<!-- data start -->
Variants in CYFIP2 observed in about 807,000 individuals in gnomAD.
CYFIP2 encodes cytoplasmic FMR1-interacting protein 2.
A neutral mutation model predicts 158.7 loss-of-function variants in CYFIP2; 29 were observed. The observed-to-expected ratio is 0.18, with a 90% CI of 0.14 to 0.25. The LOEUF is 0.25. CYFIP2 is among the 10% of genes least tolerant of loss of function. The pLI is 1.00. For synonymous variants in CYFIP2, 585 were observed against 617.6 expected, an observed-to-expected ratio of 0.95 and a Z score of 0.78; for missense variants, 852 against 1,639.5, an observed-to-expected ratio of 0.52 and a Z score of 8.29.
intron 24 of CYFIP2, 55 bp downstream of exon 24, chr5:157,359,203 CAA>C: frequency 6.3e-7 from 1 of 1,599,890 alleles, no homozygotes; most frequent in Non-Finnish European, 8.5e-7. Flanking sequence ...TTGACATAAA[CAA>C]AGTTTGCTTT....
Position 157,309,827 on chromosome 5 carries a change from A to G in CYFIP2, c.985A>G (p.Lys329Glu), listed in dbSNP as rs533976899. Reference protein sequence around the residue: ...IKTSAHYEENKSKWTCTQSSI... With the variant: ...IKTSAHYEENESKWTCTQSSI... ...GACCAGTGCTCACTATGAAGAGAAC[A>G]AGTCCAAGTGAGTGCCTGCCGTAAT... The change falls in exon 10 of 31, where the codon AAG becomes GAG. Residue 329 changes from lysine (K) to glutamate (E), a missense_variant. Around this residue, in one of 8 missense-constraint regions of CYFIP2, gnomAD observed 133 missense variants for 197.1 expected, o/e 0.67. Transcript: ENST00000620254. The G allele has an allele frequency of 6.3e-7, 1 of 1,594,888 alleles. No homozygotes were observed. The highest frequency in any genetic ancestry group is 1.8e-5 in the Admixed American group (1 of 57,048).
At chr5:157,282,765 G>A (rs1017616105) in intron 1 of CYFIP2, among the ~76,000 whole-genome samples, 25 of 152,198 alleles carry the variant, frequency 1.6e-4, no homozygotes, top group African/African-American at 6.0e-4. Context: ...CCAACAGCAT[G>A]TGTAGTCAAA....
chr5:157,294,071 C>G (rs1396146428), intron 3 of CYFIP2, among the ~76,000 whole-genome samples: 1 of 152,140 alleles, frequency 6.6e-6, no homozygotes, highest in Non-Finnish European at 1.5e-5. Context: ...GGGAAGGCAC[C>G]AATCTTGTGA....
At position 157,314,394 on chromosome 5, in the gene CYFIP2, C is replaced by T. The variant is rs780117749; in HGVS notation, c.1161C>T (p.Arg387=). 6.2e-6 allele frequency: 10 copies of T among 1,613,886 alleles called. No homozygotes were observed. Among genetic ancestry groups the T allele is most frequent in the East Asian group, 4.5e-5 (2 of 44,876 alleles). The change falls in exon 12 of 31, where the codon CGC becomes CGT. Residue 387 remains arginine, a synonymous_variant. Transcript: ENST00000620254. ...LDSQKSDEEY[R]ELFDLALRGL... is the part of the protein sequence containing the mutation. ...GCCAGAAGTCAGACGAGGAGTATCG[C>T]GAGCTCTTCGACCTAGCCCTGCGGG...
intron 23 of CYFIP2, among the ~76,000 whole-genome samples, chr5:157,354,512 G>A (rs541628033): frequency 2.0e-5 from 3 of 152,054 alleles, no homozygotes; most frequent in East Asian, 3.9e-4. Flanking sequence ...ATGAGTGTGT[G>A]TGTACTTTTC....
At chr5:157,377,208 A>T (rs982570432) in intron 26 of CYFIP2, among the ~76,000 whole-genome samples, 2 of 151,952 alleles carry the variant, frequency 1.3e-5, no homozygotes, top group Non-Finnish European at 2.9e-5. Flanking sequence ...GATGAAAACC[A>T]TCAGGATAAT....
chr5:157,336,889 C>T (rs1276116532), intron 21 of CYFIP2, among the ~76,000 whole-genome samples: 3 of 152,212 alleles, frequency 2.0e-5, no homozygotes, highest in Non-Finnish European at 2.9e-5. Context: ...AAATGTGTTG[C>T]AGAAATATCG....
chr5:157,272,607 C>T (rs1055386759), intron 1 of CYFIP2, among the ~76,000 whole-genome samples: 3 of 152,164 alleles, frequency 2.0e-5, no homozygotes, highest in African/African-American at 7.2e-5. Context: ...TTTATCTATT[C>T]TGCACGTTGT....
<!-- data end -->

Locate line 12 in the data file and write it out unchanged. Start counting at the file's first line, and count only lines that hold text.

chr5:157,272,607 C>T (rs1055386759), intron 1 of CYFIP2, among the ~76,000 whole-genome samples: 3 of 152,164 alleles, frequency 2.0e-5, no homozygotes, highest in African/African-American at 7.2e-5. Context: ...TTTATCTATT[C>T]TGCACGTTGT....